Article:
These days I’m several ounces heavier as I travel to my reporting assignments.
That’s because of the Flip video camera in my breast pocket. It’s a little bigger than a credit card.
Its stature in my newsroom, though, is large. After a gradual start about a year ago, video has become part of our daily routine.
The Flip is close to foolproof, which is ideal for those stepping into this medium for the first time.
The reporting staff received elementary lessons in lighting, sound and editing.
But there’s more to the story than figuring out how to operate a camera.
As this and other digital initiatives grow at newspapers across the country, it’s easy — but unwise — to let technology propel the operation faster than you’re ready to go.
What’s more important for a reporter covering a story — the written word or the moving image? If a big moment is about to happen, do you grab your notebook or your camera?
It’s trickier when you’re asked to shoot your own still pictures at the same time. When Sen. John McCain made a presidential campaign stop in Annapolis, Md., this year, I simultaneously took pictures with one hand and shot video with the other.
That’s not the norm, but there’s certainly a danger for journalists to be given too many extra duties and to be spread too thin. As a manager, do you want one thing done well or many things just done?
My newsroom, like many others, has been conditioned to post breaking news right away on our Web site instead of waiting for the next day’s paper. But the mushrooming hyper-competitiveness in which being first is measured in minutes can erode standards.
As my paper was moving to a Web-first mentality, I attended a press association “webinar” led by an editor from a paper seen as an online pioneer.
This editor told us about someone getting shot in his community. One of his reporters quickly gathered some details, showed the story to another reporter for a quick read and up it went on the Web site. The editing crew was too busy laying out pages on deadline to get involved.
The editors, the final overseers of news coverage before it’s presented to the public, didn’t touch the story.
That would not happen in our newsroom, my editor promised. So far, it hasn’t.
What happens in your newsroom? Do fewer editors read copy, including blurbs with breaking news, before it’s posted on your Web site than if it were appearing in print? Are headlines and cutlines checked by more than one person before they’re posted?
Last year, a consultant came to my newspaper to talk about running an active, popular news site.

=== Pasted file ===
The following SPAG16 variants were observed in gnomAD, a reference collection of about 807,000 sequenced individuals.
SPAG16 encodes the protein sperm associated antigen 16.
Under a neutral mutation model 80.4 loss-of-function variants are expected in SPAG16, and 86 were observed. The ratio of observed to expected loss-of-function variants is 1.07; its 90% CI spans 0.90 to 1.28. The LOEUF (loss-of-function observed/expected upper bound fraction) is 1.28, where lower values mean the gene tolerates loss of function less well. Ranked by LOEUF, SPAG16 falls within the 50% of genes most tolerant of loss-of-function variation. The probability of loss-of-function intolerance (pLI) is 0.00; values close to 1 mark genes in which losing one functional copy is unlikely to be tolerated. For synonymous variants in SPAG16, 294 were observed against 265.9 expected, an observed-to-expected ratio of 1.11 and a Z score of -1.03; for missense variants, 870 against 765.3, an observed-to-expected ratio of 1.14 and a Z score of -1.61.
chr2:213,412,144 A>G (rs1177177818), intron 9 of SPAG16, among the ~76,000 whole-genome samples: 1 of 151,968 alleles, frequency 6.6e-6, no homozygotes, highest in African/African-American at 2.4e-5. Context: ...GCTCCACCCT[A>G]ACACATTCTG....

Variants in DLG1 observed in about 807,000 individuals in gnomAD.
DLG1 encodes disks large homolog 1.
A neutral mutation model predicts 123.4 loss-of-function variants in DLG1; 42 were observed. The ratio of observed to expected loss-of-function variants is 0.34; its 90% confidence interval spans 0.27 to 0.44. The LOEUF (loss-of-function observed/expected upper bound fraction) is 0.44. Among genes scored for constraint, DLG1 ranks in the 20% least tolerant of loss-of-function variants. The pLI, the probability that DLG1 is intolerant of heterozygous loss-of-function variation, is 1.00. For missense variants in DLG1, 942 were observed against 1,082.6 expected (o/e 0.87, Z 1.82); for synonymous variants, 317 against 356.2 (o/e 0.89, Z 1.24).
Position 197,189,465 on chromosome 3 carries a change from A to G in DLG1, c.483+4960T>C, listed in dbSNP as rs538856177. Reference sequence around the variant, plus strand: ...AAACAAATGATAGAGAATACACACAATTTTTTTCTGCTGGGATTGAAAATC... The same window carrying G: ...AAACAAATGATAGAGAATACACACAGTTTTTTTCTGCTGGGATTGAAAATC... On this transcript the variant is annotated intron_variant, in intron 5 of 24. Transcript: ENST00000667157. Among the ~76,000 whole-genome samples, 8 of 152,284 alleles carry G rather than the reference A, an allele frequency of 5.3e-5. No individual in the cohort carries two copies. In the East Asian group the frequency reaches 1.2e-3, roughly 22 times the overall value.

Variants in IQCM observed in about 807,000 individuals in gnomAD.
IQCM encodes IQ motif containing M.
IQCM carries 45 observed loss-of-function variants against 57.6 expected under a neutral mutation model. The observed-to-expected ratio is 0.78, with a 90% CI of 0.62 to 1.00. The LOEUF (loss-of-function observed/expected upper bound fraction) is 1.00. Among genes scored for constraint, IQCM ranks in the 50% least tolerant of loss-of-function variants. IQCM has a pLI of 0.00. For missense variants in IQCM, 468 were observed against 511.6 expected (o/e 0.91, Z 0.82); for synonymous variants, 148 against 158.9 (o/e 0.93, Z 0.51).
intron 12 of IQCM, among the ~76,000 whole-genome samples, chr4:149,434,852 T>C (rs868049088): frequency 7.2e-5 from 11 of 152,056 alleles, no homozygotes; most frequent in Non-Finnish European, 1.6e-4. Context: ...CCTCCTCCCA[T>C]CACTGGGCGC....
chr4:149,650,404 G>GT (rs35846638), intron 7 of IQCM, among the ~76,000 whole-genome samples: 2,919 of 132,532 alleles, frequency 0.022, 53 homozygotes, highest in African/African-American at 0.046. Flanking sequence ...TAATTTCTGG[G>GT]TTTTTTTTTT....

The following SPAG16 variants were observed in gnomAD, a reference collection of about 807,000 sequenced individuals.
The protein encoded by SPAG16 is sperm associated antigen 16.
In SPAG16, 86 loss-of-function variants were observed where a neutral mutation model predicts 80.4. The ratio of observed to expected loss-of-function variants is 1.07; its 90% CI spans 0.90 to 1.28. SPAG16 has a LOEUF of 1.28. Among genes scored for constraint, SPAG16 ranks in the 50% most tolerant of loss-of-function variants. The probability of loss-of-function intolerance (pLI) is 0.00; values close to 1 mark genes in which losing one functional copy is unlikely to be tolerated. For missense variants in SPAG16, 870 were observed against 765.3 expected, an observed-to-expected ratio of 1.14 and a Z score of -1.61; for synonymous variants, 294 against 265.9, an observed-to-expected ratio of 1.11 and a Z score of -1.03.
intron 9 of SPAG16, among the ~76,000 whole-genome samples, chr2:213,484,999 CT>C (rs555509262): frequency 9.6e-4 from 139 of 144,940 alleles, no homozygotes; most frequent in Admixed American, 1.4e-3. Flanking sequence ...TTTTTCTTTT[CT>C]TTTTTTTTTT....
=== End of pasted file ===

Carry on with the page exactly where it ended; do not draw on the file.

I wasn’t there, but several colleagues told me about a peculiar tip from the consultant. He said it’s not as serious when you make mistakes on the Web. You fix them, you move on.
Never mind the terrible hypothesis that it’s OK to present news when you’re not sure it’s completely correct, which includes the spelling and grammar. Mistakes happen, but haste and uncertainty shouldn’t be built into the routine.
If accuracy is paramount, then acknowledging our mistakes, as we do in print, should be a given.
We should take care to get it right the first time, whether it be on the Web, in print or anywhere else where we pledge to deliver the truth as best as we can.
In a New York Times piece, Lawrence Downes wrote that copy editors are becoming relics.
“Webby doesn’t necessarily mean sloppy, of course, and online news operations will shine with all the brilliance that the journalists who create them can bring,” he wrote. “But in that world of the perpetual present tense — post it now, fix it later, update constantly — old-time, persnickety editing may be a luxury in which only a few large news operations will indulge. It will be an artisanal product, like monastery honey and wooden yachts.”
As we focus more on this new age of interactivity and turning news operations into carnival rides, we sometimes forsake fundamentals we used to swear by.
Take your time. Get it right. Admit when you’re wrong.
Encourage meaningful discourse. Eschew the silliness and irresponsibility of anonymous sniping, which so many news organizations have welcomed and even encouraged. Readers’ comments should be on the record.
Give reporters time and space to fully explore and explain the truth, which, after all, is our mission.
Edgy new features that jazz up plain old journalism can carry extra burdens. Make sure your newsroom acknowledges the weight.
Andy Schotz, SPJ’s Ethics Committee chairman, is a reporter for The Herald-Mail, a daily newspaper in Hagerstown, Md. He has covered a variety of beats, including city hall and police and courts. Schotz is on the board of SPJ’s Washington, D.C., Pro chapter. A Long Island native, he has a bachelor’s degree from the University at Albany in upstate New York. He previously worked for eight years at The Altamont Enterprise, a weekly paper outside Albany, as a reporter and, for part of that time, an editor.
Tagged under: Ethics